I got a question today from a viewer about laudatory trademarks, and how to tell the difference between a laudatory trademark and a suggestive trademark.

As I’ve said, anything can serve as a trademark, including colors, symbols, logos, words, phrases, sounds, and smells. That said, there are some words and phrases that you want to avoid when choosing a trademark, and laudatory marks are one of them.

Laudatory marks are those marks that merely express some sort of praiseworthy quality of the goods. These types of words give the impression of the goods or services having a certain level of quality or excellence. Laudatory marks are a type of descriptive mark, and like other descriptive terms are refused registration because they aren’t distinctive in relation to the goods and services for which the mark has been applied for.

Descriptive marks are those marks that express some characteristic, purpose, or quality of the goods. Whether or not a certain word is “descriptive” must be looked at in the context of the goods or services for which the mark will be used. For example, the word “tall” would be descriptive as to flagpoles, but not as to peanut butter. “Tall” describes the quality of a flag pole, but not the quality of peanut butter.

A laudatory trademark is a trademark that describes a positive quality of the goods or services; in that sense, it is “descriptive.” Laudatory terms are words like ‘best,’ ‘largest,’ ‘foremost,’ ‘quality,’ ‘ideal.” These words do not distinguish the goods, but rather describe some positive quality of the goods.

The reason why these types of marks (with some exceptions that won’t apply to most of you reading this) are not permitted is because if we give one company the right to say that their goods are the “best,” the “biggest” or “wonderful,” then others lose the right to fairly describe their goods and services. Doesn’t everyone believe that their goods are the best, and shouldn’t they have the right to say so? By granting a trademark — which gives the owner the exclusive right to use that trademark with those goods — we are denying others the right to use that phrase with their goods or services.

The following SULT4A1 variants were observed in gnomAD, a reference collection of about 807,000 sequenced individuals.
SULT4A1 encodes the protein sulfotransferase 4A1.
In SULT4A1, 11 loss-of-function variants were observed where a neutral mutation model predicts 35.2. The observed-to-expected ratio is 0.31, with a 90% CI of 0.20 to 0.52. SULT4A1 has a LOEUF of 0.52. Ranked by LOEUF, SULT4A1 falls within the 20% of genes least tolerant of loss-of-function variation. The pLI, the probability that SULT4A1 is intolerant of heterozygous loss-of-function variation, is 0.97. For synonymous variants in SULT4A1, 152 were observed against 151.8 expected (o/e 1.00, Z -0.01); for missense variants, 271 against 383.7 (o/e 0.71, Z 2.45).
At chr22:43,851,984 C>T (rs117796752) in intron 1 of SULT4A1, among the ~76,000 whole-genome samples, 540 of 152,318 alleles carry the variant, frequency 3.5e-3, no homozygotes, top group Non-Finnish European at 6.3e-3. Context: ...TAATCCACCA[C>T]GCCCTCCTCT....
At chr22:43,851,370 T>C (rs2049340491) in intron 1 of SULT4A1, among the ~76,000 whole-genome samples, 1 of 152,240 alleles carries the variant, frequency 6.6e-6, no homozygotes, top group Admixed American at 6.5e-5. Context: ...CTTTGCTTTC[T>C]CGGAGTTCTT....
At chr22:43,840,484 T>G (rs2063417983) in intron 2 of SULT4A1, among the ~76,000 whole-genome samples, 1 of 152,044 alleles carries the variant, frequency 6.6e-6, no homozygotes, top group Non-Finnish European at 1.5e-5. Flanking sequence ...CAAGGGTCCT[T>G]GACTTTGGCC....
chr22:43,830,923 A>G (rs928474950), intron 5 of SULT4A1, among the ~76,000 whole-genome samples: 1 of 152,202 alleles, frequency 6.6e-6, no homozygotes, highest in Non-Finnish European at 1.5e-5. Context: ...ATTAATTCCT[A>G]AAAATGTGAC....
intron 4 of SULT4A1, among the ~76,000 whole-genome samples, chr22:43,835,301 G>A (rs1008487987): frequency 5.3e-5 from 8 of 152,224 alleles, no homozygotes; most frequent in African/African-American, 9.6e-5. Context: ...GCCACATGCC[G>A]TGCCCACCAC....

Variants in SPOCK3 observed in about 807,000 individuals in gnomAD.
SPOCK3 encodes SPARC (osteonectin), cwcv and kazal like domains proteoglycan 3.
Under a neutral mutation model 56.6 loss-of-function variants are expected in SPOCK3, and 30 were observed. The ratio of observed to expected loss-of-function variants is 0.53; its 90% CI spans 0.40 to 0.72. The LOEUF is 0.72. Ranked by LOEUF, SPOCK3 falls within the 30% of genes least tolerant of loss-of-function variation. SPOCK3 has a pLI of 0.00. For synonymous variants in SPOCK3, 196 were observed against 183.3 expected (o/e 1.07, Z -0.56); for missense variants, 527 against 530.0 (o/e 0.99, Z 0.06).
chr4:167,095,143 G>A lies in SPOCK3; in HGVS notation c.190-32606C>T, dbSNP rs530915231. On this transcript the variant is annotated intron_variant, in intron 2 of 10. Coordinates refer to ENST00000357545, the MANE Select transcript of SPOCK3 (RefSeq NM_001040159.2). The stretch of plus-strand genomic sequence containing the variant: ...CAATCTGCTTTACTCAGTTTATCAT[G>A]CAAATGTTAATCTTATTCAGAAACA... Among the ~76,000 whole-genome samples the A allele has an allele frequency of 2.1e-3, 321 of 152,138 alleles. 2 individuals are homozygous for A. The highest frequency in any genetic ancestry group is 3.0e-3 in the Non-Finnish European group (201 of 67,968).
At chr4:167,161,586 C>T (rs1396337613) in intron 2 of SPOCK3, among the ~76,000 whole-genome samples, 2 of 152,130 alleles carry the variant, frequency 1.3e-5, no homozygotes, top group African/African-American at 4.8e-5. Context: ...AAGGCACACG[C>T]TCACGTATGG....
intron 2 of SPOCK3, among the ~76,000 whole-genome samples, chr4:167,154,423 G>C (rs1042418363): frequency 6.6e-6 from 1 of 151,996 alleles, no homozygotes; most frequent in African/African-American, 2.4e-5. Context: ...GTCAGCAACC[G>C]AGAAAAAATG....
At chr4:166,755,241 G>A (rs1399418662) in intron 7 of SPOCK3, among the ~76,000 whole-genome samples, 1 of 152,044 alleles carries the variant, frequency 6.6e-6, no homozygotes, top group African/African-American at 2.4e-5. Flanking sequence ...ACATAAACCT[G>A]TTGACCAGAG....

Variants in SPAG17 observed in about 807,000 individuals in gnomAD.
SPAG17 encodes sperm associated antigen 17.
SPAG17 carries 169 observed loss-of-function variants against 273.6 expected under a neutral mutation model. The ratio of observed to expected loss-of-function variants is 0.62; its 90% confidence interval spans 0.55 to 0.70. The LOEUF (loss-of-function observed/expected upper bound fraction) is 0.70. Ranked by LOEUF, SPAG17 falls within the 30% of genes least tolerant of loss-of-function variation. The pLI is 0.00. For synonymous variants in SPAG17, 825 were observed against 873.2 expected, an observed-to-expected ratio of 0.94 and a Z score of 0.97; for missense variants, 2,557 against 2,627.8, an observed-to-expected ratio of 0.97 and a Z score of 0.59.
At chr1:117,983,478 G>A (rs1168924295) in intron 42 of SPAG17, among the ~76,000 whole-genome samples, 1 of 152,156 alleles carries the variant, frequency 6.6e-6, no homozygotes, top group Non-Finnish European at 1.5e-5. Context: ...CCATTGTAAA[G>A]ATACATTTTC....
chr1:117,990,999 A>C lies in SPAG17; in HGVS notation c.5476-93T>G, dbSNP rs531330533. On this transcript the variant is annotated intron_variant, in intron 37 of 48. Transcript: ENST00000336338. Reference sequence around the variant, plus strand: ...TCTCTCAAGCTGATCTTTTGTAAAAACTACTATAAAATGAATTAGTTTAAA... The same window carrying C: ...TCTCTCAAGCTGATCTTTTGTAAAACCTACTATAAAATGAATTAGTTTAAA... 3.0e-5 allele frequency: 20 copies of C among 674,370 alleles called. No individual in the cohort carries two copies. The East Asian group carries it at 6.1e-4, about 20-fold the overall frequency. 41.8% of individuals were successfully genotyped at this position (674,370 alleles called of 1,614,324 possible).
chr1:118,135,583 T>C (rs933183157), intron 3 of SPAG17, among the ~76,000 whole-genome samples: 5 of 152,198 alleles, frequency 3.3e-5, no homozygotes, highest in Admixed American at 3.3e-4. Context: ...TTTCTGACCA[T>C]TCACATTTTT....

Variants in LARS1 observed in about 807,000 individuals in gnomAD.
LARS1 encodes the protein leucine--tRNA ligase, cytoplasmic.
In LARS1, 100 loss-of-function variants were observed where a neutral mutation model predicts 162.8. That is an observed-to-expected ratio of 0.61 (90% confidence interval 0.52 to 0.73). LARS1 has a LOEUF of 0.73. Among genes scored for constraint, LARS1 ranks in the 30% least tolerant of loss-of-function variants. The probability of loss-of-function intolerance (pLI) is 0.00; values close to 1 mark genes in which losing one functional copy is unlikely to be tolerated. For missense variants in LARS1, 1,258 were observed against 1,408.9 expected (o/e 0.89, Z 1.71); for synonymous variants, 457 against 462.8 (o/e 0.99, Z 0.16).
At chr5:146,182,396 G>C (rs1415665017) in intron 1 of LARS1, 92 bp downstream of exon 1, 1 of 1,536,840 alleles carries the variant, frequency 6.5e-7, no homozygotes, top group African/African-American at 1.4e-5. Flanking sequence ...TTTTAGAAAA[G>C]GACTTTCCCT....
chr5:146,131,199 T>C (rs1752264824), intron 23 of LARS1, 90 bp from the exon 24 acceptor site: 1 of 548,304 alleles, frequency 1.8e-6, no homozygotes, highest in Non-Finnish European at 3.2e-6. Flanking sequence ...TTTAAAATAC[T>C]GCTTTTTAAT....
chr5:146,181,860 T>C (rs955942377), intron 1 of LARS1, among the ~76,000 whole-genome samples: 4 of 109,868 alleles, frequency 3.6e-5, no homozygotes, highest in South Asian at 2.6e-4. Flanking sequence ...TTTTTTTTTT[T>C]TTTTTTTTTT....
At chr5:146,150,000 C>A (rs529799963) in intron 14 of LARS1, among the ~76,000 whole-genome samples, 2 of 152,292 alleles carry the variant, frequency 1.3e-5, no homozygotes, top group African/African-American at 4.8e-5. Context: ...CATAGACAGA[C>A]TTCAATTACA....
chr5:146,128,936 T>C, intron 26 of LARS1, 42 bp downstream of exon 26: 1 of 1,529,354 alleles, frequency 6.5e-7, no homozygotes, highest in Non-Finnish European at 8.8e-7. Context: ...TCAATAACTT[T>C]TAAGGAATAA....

That said, I did once secure a trademark registration for a client of mine that was laudatory: “WORLD’S LARGEST SUPPLIER OF GUN PARTS.” I had to go a couple of rounds with the trademark examiner, and appeal her refusal to the Trademark Trial and Appeal Board, but they got their trademark registration. That’s the power of having a smart attorney on your side, who knows when to argue and when to stand down.

Suggestive marks are different. Suggestive marks are those that suggest, but do not describe, some quality of the goods. My favorite example is the mark JAGUAR for cars. A Jaguar is a luxury sports car, and the mark JAGUAR perfectly conveys the nature of a luxury sports car. Jaguars are fast and sleek; a Jaguar brand sports car is likewise fast and sleek. Jaguars are sexy and powerful; a Jaguar brand sports car is likewise sexy and powerful. Jaguars purr when they are content; Jaguar brand sports cars purr when you start them up. So you can see how the word “jaguar” conjures up some ideas about certain qualities about a jaguar animal, and then transfers those positive, sexy qualities to a sports car of the same brand name. We’re not describing the car by using the descriptive terms sexy, fast, sleek, powerful. Rather, we are conjuring the image of something that IS sleek, sexy, fast, and powerful and then transferring the word for that thing to the goods or services with which we want to associate with those qualities.

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Contact Dallas, Texas trademark attorney Angela Langlotz today to get started on a trademark application for your valuable brand.